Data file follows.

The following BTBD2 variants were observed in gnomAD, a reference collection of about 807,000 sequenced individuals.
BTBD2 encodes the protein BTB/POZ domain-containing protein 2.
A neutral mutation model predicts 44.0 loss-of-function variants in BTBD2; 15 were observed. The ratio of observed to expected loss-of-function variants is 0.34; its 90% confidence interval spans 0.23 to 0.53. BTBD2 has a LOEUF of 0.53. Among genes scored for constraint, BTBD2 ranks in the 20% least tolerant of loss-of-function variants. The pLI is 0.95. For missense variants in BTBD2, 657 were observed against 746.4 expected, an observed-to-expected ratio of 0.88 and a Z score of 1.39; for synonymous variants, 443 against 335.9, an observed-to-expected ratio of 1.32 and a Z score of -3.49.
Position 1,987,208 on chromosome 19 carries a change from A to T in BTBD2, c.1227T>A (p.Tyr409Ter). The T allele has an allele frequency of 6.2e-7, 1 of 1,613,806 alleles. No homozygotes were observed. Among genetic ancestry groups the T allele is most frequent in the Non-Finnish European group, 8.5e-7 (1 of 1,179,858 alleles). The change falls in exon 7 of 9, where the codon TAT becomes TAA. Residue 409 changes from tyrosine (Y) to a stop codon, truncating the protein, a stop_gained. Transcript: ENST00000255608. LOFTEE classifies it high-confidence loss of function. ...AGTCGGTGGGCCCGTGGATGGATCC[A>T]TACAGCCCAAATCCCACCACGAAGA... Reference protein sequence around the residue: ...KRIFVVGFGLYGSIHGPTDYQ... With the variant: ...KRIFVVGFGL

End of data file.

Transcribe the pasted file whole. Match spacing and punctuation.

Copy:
The following BTBD2 variants were observed in gnomAD, a reference collection of about 807,000 sequenced individuals.
BTBD2 encodes the protein BTB/POZ domain-containing protein 2.
A neutral mutation model predicts 44.0 loss-of-function variants in BTBD2; 15 were observed. The ratio of observed to expected loss-of-function variants is 0.34; its 90% confidence interval spans 0.23 to 0.53. BTBD2 has a LOEUF of 0.53. Among genes scored for constraint, BTBD2 ranks in the 20% least tolerant of loss-of-function variants. The pLI is 0.95. For missense variants in BTBD2, 657 were observed against 746.4 expected, an observed-to-expected ratio of 0.88 and a Z score of 1.39; for synonymous variants, 443 against 335.9, an observed-to-expected ratio of 1.32 and a Z score of -3.49.
Position 1,987,208 on chromosome 19 carries a change from A to T in BTBD2, c.1227T>A (p.Tyr409Ter). The T allele has an allele frequency of 6.2e-7, 1 of 1,613,806 alleles. No homozygotes were observed. Among genetic ancestry groups the T allele is most frequent in the Non-Finnish European group, 8.5e-7 (1 of 1,179,858 alleles). The change falls in exon 7 of 9, where the codon TAT becomes TAA. Residue 409 changes from tyrosine (Y) to a stop codon, truncating the protein, a stop_gained. Transcript: ENST00000255608. LOFTEE classifies it high-confidence loss of function. ...AGTCGGTGGGCCCGTGGATGGATCC[A>T]TACAGCCCAAATCCCACCACGAAGA... Reference protein sequence around the residue: ...KRIFVVGFGLYGSIHGPTDYQ... With the variant: ...KRIFVVGFGL